In these four crisp essays, Ferrante offers a rare look into the origins of her literary prowess. She describes her influences, her struggles, and her formation as both a reader and a writer; she warns against the perils of “bad language” and the ways in which it has long excluded women’s truth; she proposes a choral fusion of feminine talent as she brilliantly discourses on the work of Emily Dickinson, Gertrude Stein, Ingeborg Bachmann, and many others.
An “incandescent…philosophical monograph on the nature of writing,” (Molly Young, New York Times) this candid collection by one of the great novelists of our time is destined to delight general readers, writers, and Ferrante fans in equal measure.
“Everyone should read everything with Elena Ferrante’s name on it.”—The Boston Globe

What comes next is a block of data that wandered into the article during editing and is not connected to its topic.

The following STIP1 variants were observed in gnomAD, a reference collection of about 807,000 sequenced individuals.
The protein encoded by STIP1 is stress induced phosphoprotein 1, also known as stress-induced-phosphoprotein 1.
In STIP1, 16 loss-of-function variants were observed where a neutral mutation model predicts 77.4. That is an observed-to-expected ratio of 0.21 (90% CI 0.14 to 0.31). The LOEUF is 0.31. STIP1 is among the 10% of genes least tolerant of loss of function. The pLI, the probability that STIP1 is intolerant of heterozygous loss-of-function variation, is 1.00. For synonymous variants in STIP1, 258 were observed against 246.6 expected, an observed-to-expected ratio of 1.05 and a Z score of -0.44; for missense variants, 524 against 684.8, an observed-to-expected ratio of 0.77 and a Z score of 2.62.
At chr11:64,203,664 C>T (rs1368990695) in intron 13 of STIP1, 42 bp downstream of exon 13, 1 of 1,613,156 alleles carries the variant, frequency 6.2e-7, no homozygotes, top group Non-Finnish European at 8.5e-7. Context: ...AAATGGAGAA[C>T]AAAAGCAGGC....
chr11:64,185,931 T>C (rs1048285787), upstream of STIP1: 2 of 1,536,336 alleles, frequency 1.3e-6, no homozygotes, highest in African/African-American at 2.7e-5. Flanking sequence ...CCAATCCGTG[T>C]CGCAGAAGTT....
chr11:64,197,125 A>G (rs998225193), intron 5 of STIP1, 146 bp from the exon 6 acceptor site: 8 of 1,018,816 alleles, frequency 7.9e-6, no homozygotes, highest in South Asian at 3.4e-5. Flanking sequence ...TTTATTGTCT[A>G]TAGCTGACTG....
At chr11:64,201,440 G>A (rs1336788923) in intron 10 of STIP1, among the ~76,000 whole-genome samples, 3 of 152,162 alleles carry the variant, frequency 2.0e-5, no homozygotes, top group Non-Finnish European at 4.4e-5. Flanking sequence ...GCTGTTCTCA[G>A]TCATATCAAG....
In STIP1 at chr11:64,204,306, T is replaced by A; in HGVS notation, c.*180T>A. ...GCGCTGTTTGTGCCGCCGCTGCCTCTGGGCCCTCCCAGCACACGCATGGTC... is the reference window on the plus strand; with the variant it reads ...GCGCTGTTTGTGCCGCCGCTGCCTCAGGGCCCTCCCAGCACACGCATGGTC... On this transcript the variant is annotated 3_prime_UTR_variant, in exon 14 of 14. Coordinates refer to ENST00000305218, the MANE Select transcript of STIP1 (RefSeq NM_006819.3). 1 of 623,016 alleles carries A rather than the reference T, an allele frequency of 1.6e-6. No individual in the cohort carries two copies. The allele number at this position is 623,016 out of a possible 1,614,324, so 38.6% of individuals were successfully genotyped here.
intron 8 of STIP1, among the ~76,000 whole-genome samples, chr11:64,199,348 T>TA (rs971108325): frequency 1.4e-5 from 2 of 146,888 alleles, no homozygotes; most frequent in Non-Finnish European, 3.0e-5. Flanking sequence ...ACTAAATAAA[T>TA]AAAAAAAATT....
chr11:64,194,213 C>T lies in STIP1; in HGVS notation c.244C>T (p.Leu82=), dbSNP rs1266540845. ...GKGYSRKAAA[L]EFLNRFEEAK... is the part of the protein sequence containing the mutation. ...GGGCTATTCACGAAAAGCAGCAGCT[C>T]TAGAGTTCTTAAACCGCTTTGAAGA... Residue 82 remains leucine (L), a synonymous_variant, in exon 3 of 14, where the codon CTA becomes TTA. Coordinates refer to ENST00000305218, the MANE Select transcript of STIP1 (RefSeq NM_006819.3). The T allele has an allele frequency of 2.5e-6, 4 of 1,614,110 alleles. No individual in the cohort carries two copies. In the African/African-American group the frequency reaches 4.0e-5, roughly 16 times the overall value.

Elena Ferrante is the author of The Days of Abandonment (Europa, 2005), Troubling Love (Europa, 2006), and The Lost Daughter (Europa, 2008), now a film directed by Maggie Gyllenhaal and starring Olivia Colman, Dakota Johnson, and Jessie Buckley. She is also the author of Incidental Inventions (Europa, 2019), illustrated by Andrea Ucini; Frantumaglia: A Writer’s Journey (Europa, 2016); and a children’s picture book illustrated by Mara Cerri, The Beach at Night (Europa, 2016). The four volumes known as the “Neapolitan novels” (My Brilliant Friend, The Story of a New Name, Those Who Leave and Those Who Stay, and The Story of the Lost Child) were published by Europa Editions in English between 2012 and 2015. My Brilliant Friend, the HBO series directed by Saverio Costanzo, premiered in 2018 and is in its third season. Ferrante’s most recent novel is the instant New York Times bestseller, The Lying Life of Adults (Europa, 2020).